Pneumonia may have saved Paul Nolin’s life. The Fairfield resident and his wife, Ann, both fell ill in February, suffering fever, chills and a horrible, hacking cough. At 4 a.m., Feb. 26, Paul was fighting to breathe.
Ann rushed him to NorthBay Medical Center’s Emergency Department, where a doctor quickly ordered a CT scan.
What they found was alarming. An aortic aneurysm measuring nearly 6 centimeters (2.36 inches) was visible, but only in the very bottom of the frame.
“And that was just the tip of the iceberg,” says Dr. Seph Naficy, a vascular and cardiothoracic surgeon, who was called in on the case. A subsequent CT scan revealed an enormous aneurysm: 8.4 centimeters (3.31 inches) in size, which typically would require immediate surgery.
The only problem was that Paul first had to get over his pneumonia. For two weeks, he lived with what felt like a ticking time bomb in his abdomen. “He was hacking his head off,” recalls Ann. “It was very stressful.”
An aneurysm occurs when the walls of a blood vessel balloon outward, creating weakness in the vessel wall. The aorta is the largest blood vessel in the body. Put the two together, and you have a recipe for potential disaster.
The aneurysm can contain lipids, calcium clots, fatty deposits and cell debris within its walls. The aneurysm itself is not the danger, it’s the weakness it creates in the vessel wall, which, if it ruptures, would prove fatal.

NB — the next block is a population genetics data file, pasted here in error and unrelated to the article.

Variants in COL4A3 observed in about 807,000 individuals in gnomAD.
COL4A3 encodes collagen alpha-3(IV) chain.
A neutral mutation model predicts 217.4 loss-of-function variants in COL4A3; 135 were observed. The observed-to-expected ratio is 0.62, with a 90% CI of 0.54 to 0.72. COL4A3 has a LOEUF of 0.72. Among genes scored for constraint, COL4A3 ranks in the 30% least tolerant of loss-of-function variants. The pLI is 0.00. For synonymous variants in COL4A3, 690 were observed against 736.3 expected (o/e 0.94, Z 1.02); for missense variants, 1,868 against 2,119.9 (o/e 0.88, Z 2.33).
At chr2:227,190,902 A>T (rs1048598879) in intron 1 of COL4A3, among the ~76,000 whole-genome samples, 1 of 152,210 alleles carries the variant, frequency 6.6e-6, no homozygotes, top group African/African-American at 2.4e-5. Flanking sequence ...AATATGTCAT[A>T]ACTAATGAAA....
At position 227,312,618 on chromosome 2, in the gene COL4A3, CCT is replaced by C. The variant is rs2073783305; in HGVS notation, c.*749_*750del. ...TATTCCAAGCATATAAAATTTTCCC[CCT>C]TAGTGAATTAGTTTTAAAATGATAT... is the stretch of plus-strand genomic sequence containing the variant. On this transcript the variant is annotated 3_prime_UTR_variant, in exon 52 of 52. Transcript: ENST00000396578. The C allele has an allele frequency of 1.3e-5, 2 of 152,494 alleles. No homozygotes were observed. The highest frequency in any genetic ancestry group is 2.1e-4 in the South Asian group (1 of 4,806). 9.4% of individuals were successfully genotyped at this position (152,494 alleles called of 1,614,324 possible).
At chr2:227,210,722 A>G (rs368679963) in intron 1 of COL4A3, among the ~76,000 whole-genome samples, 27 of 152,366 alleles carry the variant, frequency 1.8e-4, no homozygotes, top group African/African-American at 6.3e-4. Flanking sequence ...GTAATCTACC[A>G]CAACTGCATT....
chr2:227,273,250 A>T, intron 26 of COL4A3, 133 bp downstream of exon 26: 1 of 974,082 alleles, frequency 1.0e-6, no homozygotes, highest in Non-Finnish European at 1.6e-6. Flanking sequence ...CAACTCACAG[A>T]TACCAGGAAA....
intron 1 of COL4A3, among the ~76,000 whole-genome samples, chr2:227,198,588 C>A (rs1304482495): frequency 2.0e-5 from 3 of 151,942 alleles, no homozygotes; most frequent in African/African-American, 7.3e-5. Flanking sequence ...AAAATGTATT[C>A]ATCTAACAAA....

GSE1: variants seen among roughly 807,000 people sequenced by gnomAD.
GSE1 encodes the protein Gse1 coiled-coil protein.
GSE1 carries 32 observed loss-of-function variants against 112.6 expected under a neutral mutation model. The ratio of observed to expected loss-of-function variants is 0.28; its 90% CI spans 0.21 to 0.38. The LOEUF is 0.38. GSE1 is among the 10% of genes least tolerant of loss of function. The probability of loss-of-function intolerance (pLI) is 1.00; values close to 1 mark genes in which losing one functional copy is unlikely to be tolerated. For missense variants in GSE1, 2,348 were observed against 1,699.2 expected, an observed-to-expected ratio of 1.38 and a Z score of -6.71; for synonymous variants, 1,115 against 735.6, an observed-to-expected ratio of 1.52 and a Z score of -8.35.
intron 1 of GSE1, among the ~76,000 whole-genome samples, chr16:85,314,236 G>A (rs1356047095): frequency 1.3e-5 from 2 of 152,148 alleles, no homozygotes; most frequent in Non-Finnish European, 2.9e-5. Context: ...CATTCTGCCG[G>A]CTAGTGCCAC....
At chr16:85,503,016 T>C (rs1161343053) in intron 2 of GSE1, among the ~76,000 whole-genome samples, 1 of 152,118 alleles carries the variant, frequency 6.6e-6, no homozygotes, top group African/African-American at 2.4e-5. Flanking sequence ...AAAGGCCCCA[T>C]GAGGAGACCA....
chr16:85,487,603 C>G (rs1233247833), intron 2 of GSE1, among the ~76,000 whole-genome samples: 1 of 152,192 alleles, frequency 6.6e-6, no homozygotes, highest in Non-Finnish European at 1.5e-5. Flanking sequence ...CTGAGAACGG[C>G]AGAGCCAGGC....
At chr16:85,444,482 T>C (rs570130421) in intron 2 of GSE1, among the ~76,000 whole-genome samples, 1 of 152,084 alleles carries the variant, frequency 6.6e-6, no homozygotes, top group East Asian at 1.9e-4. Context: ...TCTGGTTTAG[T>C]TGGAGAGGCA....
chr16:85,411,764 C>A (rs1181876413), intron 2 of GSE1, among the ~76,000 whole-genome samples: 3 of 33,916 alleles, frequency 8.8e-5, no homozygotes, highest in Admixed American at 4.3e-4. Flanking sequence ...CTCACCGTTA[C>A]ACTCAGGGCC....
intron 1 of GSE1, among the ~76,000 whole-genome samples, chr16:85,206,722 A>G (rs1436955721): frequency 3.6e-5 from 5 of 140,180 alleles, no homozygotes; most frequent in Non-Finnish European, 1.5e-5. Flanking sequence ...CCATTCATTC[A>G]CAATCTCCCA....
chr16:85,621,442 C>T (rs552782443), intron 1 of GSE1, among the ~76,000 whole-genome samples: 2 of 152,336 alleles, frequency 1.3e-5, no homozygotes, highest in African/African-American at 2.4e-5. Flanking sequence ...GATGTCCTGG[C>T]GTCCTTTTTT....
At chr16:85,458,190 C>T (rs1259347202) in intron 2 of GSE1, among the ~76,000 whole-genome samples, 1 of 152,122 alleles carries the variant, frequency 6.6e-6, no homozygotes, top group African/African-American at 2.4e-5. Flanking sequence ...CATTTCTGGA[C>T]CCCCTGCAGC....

At 69, Paul was a good candidate for an endovascular procedure, which is far less invasive than full-blown abdominal surgery. Incisions are made at the groin, and a catheter is used to insert a stent into the weakened area of the blood vessel, lining it and protecting it. The aneurysm is simply pushed away from the flow of blood, where it is unlikely to expand or rupture.
But Paul had other medical issues, as well as narrow blood vessels, which make placing a stent a real challenge. To deal with an aneurysm of this size, Dr. Naficy would have to place a number of perfectly sized coils and stents in just the right places.
Dr. Naficy used a state-of-the-art intravascular ultrasound technology (IVUS) to get a “real time” picture of the vessels inside Paul’s abdomen. The original plan was to run the catheter through the left side, but Dr. Naficy detected some resistance, and decided to change his operative approach.
Enter the two-man team of Richard Smith and Kevin Bowman from Medtronic, a company which specializes in stents. The pair collaborated with Dr. Naficy from Day 1 on the case, right through, and during, surgery. They were in the operating room ready to build custom stents,when Dr. Naficy decided to change his approach.
“That’s not a simple thing to do,” explains Dr. Naficy. “The device configuration must be changed, and the measurements must be exact.”
Thanks to high-quality CT scans and the IVUS technology, the team was able to make the adjustments with a positive outcome.
Ann and her daughter were getting antsy in the waiting room. The procedure lasted longer than expected. “But Joanne Jacob, a nurse from surgery, kept coming out and telling us he was OK. If she hadn’t done that, I would have been crawling the walls,” Ann says with a smile.